Gaming and the Times
By Gamal Newry
May 8, 2009 - 10:53:58 PM
So here we go again another attempt by the Royal Bahamas Police Force to 'fight crime', where the police make sure we are safe and secure. An as no surprise the community lashes out at these brave crime fighters because they have dared to touch a national pass time. I remember a time when blockade running and drug running was a national pass time, times have changed or have they.
The word of the day is 'selective enforcement' a method of policing our police force is very good at. Selective enforcement is when a police force decides to enforce certain crimes at different periods, a type of seasonal approach to policing. Yes a questionable approach some may say but never the less when on considers resources, at different times of the year certain crimes may be more prevalent than others, or at different times the risk of apprehension and detection is greater; selective enforcement is not such a bad strategy.
The danger here of course is obvious, if a certain crime is allowed to go untouched for too long in some instances it becomes acceptable. I would dare say that it becomes the norm and in fact demands are maid for the legalization of it. Such is the case with gambling in the Bahamas more so the buying of numbers. Why numbers because really gambling is not illegal in the Bahamas, nor is it illegal for Bahamians to engage in such. When on considers the fact that from time various organizations not just the church hold raffles which is a type of gambling and when the annual carnival comes to down you say all and sundry playing the high and low game of chance. For those of you who do not know this is by all standards gambling or gaming as they say in Las Vegas.
So why the police action to stop something that is really not illegal in my opinion, well frankly the law proscribes certain conditions and circumstance for gaming to occur. Apparently the police believe that these conditions are not being met, or as we say suspect that a law is being broken. The time and place the police chose to act is totally up to them and thus in my opinion without and prejudice or ill will to any person or group. Now maybe those who are directly affected by raids or searches feel offended or unjustly victimized to them I say make your case to the appropriate authorities, for the police are not above the law they attempt to enforce.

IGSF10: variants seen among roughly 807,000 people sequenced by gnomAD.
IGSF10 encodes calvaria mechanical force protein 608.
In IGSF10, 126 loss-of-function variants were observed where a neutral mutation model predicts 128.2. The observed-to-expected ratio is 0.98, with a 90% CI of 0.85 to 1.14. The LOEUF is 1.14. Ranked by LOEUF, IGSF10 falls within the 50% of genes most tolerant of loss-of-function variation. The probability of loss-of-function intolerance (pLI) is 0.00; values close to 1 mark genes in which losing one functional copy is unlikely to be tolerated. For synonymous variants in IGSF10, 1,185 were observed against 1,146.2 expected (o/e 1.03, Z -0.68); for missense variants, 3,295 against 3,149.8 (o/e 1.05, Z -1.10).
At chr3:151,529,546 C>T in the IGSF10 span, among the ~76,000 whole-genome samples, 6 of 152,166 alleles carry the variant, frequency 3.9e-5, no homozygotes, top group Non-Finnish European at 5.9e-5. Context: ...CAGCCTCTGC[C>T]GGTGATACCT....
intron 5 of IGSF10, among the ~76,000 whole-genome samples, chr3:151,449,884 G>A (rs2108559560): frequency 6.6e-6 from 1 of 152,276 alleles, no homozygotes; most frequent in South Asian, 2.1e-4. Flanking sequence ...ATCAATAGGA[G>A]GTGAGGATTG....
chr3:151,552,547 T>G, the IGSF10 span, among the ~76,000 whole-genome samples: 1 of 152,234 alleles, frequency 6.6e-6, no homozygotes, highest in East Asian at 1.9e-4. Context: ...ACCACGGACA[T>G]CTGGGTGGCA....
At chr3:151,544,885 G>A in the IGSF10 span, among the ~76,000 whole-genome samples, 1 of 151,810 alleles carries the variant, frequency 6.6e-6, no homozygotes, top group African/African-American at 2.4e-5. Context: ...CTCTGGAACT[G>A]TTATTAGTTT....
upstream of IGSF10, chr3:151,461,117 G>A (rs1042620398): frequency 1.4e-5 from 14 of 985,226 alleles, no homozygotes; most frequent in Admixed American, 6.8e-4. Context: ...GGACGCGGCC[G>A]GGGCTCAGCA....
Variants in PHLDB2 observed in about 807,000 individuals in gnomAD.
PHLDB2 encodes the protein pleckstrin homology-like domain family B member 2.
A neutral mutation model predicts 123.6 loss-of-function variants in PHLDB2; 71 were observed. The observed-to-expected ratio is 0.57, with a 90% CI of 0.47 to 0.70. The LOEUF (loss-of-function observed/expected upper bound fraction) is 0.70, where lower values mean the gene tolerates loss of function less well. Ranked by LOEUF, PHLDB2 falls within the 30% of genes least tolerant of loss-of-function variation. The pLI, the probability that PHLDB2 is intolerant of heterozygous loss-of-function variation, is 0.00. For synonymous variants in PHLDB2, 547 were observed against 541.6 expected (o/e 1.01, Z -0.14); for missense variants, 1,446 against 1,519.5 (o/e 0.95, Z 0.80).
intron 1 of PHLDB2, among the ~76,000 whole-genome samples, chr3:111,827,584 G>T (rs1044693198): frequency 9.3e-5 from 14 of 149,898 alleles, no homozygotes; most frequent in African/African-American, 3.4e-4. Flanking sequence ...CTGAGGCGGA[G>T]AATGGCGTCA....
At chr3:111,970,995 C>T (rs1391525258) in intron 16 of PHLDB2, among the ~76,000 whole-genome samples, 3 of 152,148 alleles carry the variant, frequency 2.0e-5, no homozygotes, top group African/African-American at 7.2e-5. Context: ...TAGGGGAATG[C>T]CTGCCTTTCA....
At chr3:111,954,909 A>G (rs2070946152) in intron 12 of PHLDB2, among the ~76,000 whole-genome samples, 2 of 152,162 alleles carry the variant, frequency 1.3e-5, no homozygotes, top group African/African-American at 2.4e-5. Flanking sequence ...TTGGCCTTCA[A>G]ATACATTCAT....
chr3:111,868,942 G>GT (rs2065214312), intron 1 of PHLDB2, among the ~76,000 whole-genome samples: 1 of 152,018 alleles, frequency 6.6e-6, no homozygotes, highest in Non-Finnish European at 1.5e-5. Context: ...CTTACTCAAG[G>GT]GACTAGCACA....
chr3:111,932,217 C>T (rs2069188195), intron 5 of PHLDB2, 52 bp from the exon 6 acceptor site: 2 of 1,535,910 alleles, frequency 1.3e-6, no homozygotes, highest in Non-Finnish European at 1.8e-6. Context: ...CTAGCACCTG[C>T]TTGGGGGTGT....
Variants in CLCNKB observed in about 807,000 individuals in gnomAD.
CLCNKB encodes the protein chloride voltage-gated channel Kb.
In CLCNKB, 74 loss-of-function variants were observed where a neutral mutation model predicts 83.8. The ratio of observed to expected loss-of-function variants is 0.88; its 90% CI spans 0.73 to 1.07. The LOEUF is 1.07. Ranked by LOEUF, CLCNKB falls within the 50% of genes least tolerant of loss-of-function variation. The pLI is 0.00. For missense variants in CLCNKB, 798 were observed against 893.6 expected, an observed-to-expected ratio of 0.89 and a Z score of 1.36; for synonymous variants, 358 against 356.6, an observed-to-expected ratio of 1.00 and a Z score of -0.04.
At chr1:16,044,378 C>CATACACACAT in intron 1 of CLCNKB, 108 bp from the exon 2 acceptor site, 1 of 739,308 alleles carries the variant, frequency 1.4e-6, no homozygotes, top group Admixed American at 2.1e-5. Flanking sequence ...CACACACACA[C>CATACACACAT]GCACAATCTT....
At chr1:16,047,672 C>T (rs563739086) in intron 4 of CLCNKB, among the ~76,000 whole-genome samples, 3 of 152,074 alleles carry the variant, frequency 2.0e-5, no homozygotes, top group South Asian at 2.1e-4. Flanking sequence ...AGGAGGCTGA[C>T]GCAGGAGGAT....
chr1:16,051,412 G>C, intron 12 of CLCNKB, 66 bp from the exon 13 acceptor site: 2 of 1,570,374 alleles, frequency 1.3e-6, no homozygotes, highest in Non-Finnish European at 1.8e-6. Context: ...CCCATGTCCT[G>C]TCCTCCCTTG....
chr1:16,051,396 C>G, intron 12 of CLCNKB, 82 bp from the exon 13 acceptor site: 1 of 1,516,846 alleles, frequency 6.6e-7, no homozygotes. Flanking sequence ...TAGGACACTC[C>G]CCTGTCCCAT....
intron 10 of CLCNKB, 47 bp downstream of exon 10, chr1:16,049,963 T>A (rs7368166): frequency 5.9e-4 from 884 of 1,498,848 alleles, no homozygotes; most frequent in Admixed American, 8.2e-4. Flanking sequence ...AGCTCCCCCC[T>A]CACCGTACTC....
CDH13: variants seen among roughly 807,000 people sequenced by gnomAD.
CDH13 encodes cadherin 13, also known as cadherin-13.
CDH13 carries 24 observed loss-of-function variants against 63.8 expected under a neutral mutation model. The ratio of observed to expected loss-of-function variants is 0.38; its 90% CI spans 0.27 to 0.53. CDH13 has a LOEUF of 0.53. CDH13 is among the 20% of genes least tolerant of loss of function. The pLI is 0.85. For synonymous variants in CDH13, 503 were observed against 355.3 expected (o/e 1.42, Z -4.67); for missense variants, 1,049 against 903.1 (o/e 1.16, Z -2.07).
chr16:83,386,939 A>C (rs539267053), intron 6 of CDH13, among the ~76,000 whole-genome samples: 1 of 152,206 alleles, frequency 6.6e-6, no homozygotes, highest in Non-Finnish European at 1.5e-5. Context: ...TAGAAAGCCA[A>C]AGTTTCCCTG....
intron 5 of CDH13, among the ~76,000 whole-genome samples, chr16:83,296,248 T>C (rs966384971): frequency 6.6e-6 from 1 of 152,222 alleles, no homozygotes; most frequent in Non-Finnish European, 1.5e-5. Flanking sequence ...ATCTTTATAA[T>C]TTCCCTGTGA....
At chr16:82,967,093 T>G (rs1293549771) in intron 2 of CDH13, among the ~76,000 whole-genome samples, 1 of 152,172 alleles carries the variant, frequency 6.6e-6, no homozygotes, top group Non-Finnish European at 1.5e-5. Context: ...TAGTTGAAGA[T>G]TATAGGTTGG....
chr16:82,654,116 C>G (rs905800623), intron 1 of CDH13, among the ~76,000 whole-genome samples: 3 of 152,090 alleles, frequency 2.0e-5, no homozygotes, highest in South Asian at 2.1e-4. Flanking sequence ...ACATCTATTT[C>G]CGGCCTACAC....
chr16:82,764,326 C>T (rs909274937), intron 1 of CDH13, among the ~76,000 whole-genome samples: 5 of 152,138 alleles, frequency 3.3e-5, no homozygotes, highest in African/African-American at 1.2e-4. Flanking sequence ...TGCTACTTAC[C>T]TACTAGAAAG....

Our country is small, and likewise our police force is small, however the amount of laws on the books is great. There is no way that the police can at all times enforce all the laws that are broken at the same time. Never the less they run the danger, as now the social comment of being condemned for their actions or in another instances in action. The recent actions in Grand Bahama and now New Providence would lead some to say can't they find something to do better than this or the popular go after the real criminals. Well they are doing their jobs like it or not, the problem as usual is the frequency and consistency or lack there of.
Maybe we need more police; I think better management of our present force is the better solution. It is not how much you have but rather how you use what you have, we are differently not using our police efficiently. On the other hand maybe we should do away with some of the present laws or revise them so as to make them more current with popular opinion. The danger here in my opinion is that what is popular or seen to be popular because they are making the most noise is not necessary the best or right choice. I for one to not adhere to the concept that the voice of the people is the voice of God, as history has shown time and time again how following the masses have usually leads to destruction. Really, the politicians lack the political will for whatever reason to deal with this matter. Which is not to tell the police when and how to police but revisit the laws specific to gaming and gambling, thus giving teeth to the police and clarity to the populace as to what is legal and what is not. Let the Church speak to morality.
Gamal Newry is the President of Preventative Measures, a Loss Prevention and Asset Protection Training and Consulting Company, specializing in Policy and Procedure Development, Business Security Reviews and Audits, & Emergency and Crisis Management. Comments can be sent to P.O. Box N-3154 Nassau, Bahamas or, email
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